Tiger Tuesday: a Q&A with Freddy Barratt

By Megan Bradshaw on April 17, 2017

This article is part of an occasional series introducing you to our Tigers.

Freddy Barratt, political science (Exeter University)

 

Tell me about where you’re from.

I’m from a village north of London called Hertingfordbury. It’s about 30 minutes outside London. It’s quiet and very peaceful. But it’s not so far away from London. Compared to the States, it’s very well connected in terms of transportation. I also lived in Qatar before going to university. I lived there with my parents from ages 16-18, and it was an interesting experience. I moved back to England and did a gap year before going to university to do international relations.

Tell me about your family.

My dad’s an architect. The company he worked for is in construction, and about 2008 he got a job for his company in Qatar and part of the contract was he had to set up an office there. He went out there on his own for a while, when I was 14. When I got to 16, it’s a different set of exams [at school], and he posed the question if I wanted to come and live there with him and Mum. My older brother had gone to university, so he could do his own thing. It was a brilliant decision. It was one of the best decisions of my life. I lived in a village, where I went to a village school. There were 150 kids in the school, there were 18 people in my class and only three of them were girls. It was very contained world I lived in [in England] and then you go to a school with 70 or 80 nationalities and its “wow, the world is bigger than Hertingfordbury.” I’m so glad I made that decision, and it’s the reason I wanted to do the degree I’m doing.

What made you choose Towson University?

We get quite a lot of choices [of locations to study abroad]. It took me a while to decide I wanted to go to America. I was torn between going somewhere to pick up a language or somewhere that was so culturally different from me. Or going somewhere I was going to gain the most for my degree. I picked Towson partly for location. It’s so close to New York and DC. America is so central to every aspect of my degree. You genuinely can’t discuss international politics without considering what would be America’s response. So any opportunity to expose myself to the political system as a whole and learning about American politics at a university that is liberal arts heavy…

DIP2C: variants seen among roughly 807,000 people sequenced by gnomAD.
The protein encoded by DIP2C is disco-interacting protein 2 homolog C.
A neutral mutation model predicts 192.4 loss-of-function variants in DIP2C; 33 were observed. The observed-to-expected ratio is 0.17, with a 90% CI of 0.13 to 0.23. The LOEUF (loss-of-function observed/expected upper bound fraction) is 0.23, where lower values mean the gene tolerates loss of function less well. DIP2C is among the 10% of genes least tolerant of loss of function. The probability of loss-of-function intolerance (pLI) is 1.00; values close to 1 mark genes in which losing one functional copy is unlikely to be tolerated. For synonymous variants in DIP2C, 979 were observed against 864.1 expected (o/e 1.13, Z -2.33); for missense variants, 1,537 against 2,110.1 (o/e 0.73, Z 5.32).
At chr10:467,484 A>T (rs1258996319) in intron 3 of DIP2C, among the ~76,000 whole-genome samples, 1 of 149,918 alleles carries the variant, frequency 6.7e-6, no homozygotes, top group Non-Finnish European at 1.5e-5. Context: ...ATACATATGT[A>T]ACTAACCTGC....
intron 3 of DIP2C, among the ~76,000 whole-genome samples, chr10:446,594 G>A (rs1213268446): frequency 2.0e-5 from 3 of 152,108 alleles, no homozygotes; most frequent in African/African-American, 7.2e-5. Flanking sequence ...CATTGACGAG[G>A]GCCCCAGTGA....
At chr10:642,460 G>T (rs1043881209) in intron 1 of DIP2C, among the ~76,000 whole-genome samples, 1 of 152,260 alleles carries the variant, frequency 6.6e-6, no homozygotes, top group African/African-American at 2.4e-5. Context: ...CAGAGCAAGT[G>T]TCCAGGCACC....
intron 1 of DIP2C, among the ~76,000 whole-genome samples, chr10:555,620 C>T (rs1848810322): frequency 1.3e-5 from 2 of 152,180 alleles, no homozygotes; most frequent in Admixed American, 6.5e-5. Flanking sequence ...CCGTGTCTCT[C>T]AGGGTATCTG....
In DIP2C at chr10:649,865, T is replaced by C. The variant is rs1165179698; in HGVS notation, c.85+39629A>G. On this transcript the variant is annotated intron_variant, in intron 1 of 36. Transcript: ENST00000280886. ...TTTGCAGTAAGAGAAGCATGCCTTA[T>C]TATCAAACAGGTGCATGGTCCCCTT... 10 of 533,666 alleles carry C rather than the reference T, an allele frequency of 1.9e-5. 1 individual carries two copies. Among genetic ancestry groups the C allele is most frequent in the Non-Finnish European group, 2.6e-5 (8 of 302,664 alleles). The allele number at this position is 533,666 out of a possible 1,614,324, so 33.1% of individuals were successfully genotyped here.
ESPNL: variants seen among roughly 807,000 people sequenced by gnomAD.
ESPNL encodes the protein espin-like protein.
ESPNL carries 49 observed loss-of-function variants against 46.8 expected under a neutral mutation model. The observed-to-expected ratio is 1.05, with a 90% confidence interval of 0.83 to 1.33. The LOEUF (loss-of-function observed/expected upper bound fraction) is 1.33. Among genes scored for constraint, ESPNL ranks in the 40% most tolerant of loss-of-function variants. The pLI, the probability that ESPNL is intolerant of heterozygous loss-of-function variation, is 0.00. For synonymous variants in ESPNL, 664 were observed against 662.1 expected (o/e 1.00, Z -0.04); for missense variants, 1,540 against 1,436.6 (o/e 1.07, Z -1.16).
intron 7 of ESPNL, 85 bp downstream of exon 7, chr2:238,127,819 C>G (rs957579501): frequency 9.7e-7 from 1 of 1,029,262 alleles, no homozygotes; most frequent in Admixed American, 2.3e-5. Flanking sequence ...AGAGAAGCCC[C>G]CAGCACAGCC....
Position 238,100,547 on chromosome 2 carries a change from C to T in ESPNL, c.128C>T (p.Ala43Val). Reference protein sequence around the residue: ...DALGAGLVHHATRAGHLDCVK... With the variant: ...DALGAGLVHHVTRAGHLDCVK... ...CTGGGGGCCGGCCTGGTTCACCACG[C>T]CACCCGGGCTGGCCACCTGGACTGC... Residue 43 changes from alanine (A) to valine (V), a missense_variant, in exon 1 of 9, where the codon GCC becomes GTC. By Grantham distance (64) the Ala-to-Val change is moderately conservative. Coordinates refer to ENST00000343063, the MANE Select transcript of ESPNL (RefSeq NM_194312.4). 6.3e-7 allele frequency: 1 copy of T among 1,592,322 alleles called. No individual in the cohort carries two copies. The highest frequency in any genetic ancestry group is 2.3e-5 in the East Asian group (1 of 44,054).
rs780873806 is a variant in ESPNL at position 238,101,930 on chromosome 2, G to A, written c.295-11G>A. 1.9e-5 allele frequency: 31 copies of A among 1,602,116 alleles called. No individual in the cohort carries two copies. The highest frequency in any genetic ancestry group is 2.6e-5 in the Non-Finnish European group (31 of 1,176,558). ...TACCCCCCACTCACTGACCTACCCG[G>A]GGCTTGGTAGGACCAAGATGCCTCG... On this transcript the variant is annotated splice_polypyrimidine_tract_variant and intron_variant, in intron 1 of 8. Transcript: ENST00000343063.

Part of it was I wanted to do some sort of internship, something relevant to what I was learning. It took awhile but I finally got an internship with Congressman (John) Sarbanes. I had a few sessions in December but I started properly in February. 

What do you do in your free time?

I’d really like to try to see more of where I am. I haven’t done it enough, but I’ve had a trip to two to D.C., going in and around Baltimore, and luckily I’m 21, so I can have a beverage or two. I tried out for the [club] soccer team last May and was picked. But then I tore my ACL, so I just had my first training [in early February].

What is your favorite class or professor?

U.S. Foreign Policy with Dr. Clark. Very interesting man. He used to work at the Pentagon as a psychological warfare officer. He would say he advised for people and we’d ask who. He’d say “governments” because he couldn’t say any more. It was a class that was very deeply rooted in logic and reason and discussion based about certain decisions are made and certain actions are taken in terms of U.S. foreign policy. It was right up my alley in terms of IR. He was a great teacher. At the end of the term, he invited a couple of us to a talk by the ex head of the CIA. I had a good relationship with him, and it was a great class. I still chat to him time-to-time and he was one of my references for my internship.

What is your favorite thing about TU?

There’s a lot of things I like about Towson. I don’t know if it’s an American thing or a Towson thing, but people are inherently more friendly. I think the social areas are nice; I like the Union a lot. There’s a lot of opportunities for clubs and societies.

What are your plans for the future?

Generally, I just want to make sure I’m satisfied with my life. I’m not driven by money. I want to be able to be happy with what I do. You don’t really go into politics for money. I want to be a dad, and I want to be a good dad. That’s always a big one. In terms of career, I don’t know. I want to be able to work in an environment that will improve people’s lives. In politics, I want to be able to use what I’ve learned to make people’s lives better. I’d like to continue to travel the world and improve me as a human being every year.